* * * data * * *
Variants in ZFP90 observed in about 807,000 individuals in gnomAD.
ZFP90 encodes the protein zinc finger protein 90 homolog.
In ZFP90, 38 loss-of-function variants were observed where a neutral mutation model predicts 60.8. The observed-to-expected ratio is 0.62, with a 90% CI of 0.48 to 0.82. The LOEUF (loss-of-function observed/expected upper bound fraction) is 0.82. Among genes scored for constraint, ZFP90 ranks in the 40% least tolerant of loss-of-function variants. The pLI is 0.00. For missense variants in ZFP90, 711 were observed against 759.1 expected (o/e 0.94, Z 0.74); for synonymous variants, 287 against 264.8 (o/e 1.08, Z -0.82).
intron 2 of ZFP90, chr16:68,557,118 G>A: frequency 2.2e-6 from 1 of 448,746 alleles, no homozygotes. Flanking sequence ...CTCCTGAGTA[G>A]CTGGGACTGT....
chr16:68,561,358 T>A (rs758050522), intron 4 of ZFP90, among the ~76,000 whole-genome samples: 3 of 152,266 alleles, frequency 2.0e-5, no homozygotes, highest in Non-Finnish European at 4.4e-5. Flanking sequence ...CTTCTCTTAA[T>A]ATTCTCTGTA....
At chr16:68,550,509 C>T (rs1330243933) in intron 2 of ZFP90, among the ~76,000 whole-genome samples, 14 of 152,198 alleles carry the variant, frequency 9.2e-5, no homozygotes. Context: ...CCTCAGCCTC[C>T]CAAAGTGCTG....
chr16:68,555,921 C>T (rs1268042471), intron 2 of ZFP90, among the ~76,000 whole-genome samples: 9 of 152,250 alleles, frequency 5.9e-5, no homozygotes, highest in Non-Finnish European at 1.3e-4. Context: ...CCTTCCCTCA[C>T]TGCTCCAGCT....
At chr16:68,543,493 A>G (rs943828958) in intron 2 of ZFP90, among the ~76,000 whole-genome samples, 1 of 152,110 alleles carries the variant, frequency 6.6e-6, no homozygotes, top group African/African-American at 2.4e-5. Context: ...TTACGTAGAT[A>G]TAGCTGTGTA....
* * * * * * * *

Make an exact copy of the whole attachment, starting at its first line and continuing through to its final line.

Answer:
Variants in ZFP90 observed in about 807,000 individuals in gnomAD.
ZFP90 encodes the protein zinc finger protein 90 homolog.
In ZFP90, 38 loss-of-function variants were observed where a neutral mutation model predicts 60.8. The observed-to-expected ratio is 0.62, with a 90% CI of 0.48 to 0.82. The LOEUF (loss-of-function observed/expected upper bound fraction) is 0.82. Among genes scored for constraint, ZFP90 ranks in the 40% least tolerant of loss-of-function variants. The pLI is 0.00. For missense variants in ZFP90, 711 were observed against 759.1 expected (o/e 0.94, Z 0.74); for synonymous variants, 287 against 264.8 (o/e 1.08, Z -0.82).
intron 2 of ZFP90, chr16:68,557,118 G>A: frequency 2.2e-6 from 1 of 448,746 alleles, no homozygotes. Flanking sequence ...CTCCTGAGTA[G>A]CTGGGACTGT....
chr16:68,561,358 T>A (rs758050522), intron 4 of ZFP90, among the ~76,000 whole-genome samples: 3 of 152,266 alleles, frequency 2.0e-5, no homozygotes, highest in Non-Finnish European at 4.4e-5. Flanking sequence ...CTTCTCTTAA[T>A]ATTCTCTGTA....
At chr16:68,550,509 C>T (rs1330243933) in intron 2 of ZFP90, among the ~76,000 whole-genome samples, 14 of 152,198 alleles carry the variant, frequency 9.2e-5, no homozygotes. Context: ...CCTCAGCCTC[C>T]CAAAGTGCTG....
chr16:68,555,921 C>T (rs1268042471), intron 2 of ZFP90, among the ~76,000 whole-genome samples: 9 of 152,250 alleles, frequency 5.9e-5, no homozygotes, highest in Non-Finnish European at 1.3e-4. Context: ...CCTTCCCTCA[C>T]TGCTCCAGCT....
At chr16:68,543,493 A>G (rs943828958) in intron 2 of ZFP90, among the ~76,000 whole-genome samples, 1 of 152,110 alleles carries the variant, frequency 6.6e-6, no homozygotes, top group African/African-American at 2.4e-5. Context: ...TTACGTAGAT[A>G]TAGCTGTGTA....